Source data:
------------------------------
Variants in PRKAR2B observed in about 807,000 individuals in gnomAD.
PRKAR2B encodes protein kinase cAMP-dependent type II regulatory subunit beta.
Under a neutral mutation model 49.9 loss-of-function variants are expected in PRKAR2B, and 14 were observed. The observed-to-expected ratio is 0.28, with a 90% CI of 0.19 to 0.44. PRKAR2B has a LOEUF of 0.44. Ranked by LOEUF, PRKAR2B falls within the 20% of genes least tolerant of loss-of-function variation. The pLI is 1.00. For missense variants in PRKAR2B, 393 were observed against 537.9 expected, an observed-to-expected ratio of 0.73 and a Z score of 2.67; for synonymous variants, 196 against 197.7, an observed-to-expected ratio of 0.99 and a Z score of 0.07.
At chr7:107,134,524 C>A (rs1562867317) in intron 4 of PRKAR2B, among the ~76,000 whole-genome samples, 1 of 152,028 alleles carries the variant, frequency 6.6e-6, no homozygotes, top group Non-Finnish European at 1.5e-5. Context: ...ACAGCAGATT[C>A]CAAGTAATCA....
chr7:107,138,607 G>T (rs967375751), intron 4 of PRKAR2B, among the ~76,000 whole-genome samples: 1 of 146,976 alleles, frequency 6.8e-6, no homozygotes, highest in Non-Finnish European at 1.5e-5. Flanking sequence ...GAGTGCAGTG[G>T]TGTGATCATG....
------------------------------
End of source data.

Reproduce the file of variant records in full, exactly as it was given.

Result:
Variants in PRKAR2B observed in about 807,000 individuals in gnomAD.
PRKAR2B encodes protein kinase cAMP-dependent type II regulatory subunit beta.
Under a neutral mutation model 49.9 loss-of-function variants are expected in PRKAR2B, and 14 were observed. The observed-to-expected ratio is 0.28, with a 90% CI of 0.19 to 0.44. PRKAR2B has a LOEUF of 0.44. Ranked by LOEUF, PRKAR2B falls within the 20% of genes least tolerant of loss-of-function variation. The pLI is 1.00. For missense variants in PRKAR2B, 393 were observed against 537.9 expected, an observed-to-expected ratio of 0.73 and a Z score of 2.67; for synonymous variants, 196 against 197.7, an observed-to-expected ratio of 0.99 and a Z score of 0.07.
At chr7:107,134,524 C>A (rs1562867317) in intron 4 of PRKAR2B, among the ~76,000 whole-genome samples, 1 of 152,028 alleles carries the variant, frequency 6.6e-6, no homozygotes, top group Non-Finnish European at 1.5e-5. Context: ...ACAGCAGATT[C>A]CAAGTAATCA....
chr7:107,138,607 G>T (rs967375751), intron 4 of PRKAR2B, among the ~76,000 whole-genome samples: 1 of 146,976 alleles, frequency 6.8e-6, no homozygotes, highest in Non-Finnish European at 1.5e-5. Flanking sequence ...GAGTGCAGTG[G>T]TGTGATCATG....